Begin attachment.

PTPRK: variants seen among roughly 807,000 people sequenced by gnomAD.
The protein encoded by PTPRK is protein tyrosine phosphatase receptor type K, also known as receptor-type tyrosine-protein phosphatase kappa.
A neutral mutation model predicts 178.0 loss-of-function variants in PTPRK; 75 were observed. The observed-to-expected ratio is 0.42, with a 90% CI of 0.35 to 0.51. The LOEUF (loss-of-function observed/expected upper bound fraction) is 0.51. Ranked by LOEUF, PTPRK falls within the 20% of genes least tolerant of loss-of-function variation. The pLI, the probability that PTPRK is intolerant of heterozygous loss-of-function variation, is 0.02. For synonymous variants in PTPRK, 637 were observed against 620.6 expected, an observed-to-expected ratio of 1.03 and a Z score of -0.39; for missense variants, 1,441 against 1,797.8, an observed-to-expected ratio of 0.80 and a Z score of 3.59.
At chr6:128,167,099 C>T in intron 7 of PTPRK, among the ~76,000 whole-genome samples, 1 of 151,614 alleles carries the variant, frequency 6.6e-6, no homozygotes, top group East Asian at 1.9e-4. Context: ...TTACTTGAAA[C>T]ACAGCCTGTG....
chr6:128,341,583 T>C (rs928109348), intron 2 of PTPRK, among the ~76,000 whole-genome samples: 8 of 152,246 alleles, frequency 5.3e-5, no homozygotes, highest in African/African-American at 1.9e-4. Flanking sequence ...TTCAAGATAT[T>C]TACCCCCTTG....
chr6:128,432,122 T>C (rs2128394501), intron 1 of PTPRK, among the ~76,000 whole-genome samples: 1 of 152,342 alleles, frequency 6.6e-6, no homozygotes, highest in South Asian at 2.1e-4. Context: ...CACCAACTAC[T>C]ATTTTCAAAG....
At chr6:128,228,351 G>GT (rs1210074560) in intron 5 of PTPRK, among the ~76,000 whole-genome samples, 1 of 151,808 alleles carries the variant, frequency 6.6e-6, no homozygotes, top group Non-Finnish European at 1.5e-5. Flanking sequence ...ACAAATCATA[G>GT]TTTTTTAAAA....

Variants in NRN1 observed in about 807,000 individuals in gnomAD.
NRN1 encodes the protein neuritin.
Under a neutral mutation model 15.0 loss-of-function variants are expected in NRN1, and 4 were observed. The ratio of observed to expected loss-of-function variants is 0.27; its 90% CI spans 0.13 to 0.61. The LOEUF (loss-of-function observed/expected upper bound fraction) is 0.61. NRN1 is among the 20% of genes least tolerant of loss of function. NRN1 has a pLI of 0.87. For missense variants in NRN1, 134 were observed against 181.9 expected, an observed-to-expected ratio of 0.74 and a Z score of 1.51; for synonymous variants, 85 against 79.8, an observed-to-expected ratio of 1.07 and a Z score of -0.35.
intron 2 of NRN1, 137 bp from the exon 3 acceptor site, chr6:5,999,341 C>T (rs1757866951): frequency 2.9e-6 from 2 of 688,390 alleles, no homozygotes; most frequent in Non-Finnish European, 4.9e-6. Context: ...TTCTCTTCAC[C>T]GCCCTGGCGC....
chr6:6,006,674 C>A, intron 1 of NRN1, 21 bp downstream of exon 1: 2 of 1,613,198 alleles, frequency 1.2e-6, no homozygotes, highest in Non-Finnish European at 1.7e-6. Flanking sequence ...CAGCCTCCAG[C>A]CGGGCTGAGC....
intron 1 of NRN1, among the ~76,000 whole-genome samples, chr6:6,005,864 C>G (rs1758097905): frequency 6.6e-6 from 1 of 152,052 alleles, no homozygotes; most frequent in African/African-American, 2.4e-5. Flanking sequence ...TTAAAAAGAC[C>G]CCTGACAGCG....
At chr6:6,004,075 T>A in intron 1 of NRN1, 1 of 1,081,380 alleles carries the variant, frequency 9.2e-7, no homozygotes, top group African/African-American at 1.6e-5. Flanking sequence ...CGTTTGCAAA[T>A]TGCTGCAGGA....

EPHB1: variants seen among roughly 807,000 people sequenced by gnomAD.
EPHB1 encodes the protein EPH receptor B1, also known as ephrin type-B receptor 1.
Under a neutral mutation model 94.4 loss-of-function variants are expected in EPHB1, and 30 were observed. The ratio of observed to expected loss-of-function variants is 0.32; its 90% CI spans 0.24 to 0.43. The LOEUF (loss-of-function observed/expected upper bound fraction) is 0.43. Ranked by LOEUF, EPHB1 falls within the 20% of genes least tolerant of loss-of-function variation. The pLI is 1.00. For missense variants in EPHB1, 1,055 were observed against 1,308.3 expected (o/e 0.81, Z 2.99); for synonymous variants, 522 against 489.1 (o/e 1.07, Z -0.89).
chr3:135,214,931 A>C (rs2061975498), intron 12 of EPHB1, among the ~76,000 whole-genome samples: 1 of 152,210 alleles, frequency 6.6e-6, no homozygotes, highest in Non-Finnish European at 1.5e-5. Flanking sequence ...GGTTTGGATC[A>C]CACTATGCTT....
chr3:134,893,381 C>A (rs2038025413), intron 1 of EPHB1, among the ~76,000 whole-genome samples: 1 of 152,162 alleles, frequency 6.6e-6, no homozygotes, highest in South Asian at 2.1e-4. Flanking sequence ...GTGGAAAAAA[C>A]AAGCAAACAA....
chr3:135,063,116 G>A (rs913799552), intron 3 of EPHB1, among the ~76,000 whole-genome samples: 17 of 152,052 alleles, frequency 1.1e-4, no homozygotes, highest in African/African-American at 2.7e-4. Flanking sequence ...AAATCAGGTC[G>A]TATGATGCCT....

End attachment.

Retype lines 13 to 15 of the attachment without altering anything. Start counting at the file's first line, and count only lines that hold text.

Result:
intron 1 of NRN1, among the ~76,000 whole-genome samples, chr6:6,005,864 C>G (rs1758097905): frequency 6.6e-6 from 1 of 152,052 alleles, no homozygotes; most frequent in African/African-American, 2.4e-5. Flanking sequence ...TTAAAAAGAC[C>G]CCTGACAGCG....
At chr6:6,004,075 T>A in intron 1 of NRN1, 1 of 1,081,380 alleles carries the variant, frequency 9.2e-7, no homozygotes, top group African/African-American at 1.6e-5. Flanking sequence ...CGTTTGCAAA[T>A]TGCTGCAGGA....

EPHB1: variants seen among roughly 807,000 people sequenced by gnomAD.